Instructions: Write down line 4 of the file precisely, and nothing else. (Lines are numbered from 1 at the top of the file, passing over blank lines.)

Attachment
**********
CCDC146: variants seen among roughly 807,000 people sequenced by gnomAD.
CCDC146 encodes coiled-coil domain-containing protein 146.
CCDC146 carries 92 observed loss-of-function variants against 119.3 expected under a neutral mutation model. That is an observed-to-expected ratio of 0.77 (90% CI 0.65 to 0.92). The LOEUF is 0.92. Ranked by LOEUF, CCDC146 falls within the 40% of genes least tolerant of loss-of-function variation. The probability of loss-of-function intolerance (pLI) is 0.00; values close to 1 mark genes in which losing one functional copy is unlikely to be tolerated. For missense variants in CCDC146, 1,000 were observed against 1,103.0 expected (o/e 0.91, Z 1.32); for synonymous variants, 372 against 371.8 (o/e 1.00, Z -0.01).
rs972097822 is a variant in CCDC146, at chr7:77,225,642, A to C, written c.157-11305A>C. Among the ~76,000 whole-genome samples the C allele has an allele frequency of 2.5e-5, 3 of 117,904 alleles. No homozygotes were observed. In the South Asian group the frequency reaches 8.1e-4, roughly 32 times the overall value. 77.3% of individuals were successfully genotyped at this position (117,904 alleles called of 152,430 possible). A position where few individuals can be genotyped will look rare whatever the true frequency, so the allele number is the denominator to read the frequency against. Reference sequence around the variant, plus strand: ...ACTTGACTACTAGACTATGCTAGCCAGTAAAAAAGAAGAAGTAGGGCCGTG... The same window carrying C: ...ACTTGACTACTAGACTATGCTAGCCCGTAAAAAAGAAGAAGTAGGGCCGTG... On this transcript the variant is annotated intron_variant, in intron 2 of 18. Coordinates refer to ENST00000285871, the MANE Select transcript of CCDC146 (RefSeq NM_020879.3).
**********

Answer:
rs972097822 is a variant in CCDC146, at chr7:77,225,642, A to C, written c.157-11305A>C. Among the ~76,000 whole-genome samples the C allele has an allele frequency of 2.5e-5, 3 of 117,904 alleles. No homozygotes were observed. In the South Asian group the frequency reaches 8.1e-4, roughly 32 times the overall value. 77.3% of individuals were successfully genotyped at this position (117,904 alleles called of 152,430 possible). A position where few individuals can be genotyped will look rare whatever the true frequency, so the allele number is the denominator to read the frequency against. Reference sequence around the variant, plus strand: ...ACTTGACTACTAGACTATGCTAGCCAGTAAAAAAGAAGAAGTAGGGCCGTG... The same window carrying C: ...ACTTGACTACTAGACTATGCTAGCCCGTAAAAAAGAAGAAGTAGGGCCGTG... On this transcript the variant is annotated intron_variant, in intron 2 of 18. Coordinates refer to ENST00000285871, the MANE Select transcript of CCDC146 (RefSeq NM_020879.3).